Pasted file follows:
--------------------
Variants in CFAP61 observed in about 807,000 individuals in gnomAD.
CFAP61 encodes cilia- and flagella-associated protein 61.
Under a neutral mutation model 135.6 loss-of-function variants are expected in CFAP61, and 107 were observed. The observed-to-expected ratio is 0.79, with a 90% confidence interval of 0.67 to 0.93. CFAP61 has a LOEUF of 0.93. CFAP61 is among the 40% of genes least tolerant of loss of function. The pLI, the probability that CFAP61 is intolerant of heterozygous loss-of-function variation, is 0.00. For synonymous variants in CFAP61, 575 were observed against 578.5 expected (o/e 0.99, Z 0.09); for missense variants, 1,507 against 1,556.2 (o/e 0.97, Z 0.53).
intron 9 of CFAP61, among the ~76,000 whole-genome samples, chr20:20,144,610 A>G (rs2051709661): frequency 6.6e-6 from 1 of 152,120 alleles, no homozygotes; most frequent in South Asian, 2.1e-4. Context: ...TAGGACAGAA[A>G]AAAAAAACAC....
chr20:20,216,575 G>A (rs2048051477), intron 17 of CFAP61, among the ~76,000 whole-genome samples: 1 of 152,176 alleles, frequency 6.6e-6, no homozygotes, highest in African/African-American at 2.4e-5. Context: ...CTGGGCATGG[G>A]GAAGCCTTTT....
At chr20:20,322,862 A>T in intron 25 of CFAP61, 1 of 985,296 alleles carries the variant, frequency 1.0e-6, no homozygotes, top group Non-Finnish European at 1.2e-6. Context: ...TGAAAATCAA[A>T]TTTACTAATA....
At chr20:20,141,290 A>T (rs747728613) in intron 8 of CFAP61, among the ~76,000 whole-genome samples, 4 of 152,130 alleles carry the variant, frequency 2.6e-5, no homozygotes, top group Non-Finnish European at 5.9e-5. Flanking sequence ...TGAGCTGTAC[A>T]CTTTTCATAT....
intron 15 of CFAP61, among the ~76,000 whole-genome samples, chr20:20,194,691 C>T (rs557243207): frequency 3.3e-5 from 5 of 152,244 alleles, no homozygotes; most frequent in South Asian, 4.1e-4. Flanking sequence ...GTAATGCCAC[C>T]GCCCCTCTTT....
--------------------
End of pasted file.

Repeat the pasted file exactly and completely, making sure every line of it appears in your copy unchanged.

Variants in CFAP61 observed in about 807,000 individuals in gnomAD.
CFAP61 encodes cilia- and flagella-associated protein 61.
Under a neutral mutation model 135.6 loss-of-function variants are expected in CFAP61, and 107 were observed. The observed-to-expected ratio is 0.79, with a 90% confidence interval of 0.67 to 0.93. CFAP61 has a LOEUF of 0.93. CFAP61 is among the 40% of genes least tolerant of loss of function. The pLI, the probability that CFAP61 is intolerant of heterozygous loss-of-function variation, is 0.00. For synonymous variants in CFAP61, 575 were observed against 578.5 expected (o/e 0.99, Z 0.09); for missense variants, 1,507 against 1,556.2 (o/e 0.97, Z 0.53).
intron 9 of CFAP61, among the ~76,000 whole-genome samples, chr20:20,144,610 A>G (rs2051709661): frequency 6.6e-6 from 1 of 152,120 alleles, no homozygotes; most frequent in South Asian, 2.1e-4. Context: ...TAGGACAGAA[A>G]AAAAAAACAC....
chr20:20,216,575 G>A (rs2048051477), intron 17 of CFAP61, among the ~76,000 whole-genome samples: 1 of 152,176 alleles, frequency 6.6e-6, no homozygotes, highest in African/African-American at 2.4e-5. Context: ...CTGGGCATGG[G>A]GAAGCCTTTT....
At chr20:20,322,862 A>T in intron 25 of CFAP61, 1 of 985,296 alleles carries the variant, frequency 1.0e-6, no homozygotes, top group Non-Finnish European at 1.2e-6. Context: ...TGAAAATCAA[A>T]TTTACTAATA....
At chr20:20,141,290 A>T (rs747728613) in intron 8 of CFAP61, among the ~76,000 whole-genome samples, 4 of 152,130 alleles carry the variant, frequency 2.6e-5, no homozygotes, top group Non-Finnish European at 5.9e-5. Flanking sequence ...TGAGCTGTAC[A>T]CTTTTCATAT....
intron 15 of CFAP61, among the ~76,000 whole-genome samples, chr20:20,194,691 C>T (rs557243207): frequency 3.3e-5 from 5 of 152,244 alleles, no homozygotes; most frequent in South Asian, 4.1e-4. Flanking sequence ...GTAATGCCAC[C>T]GCCCCTCTTT....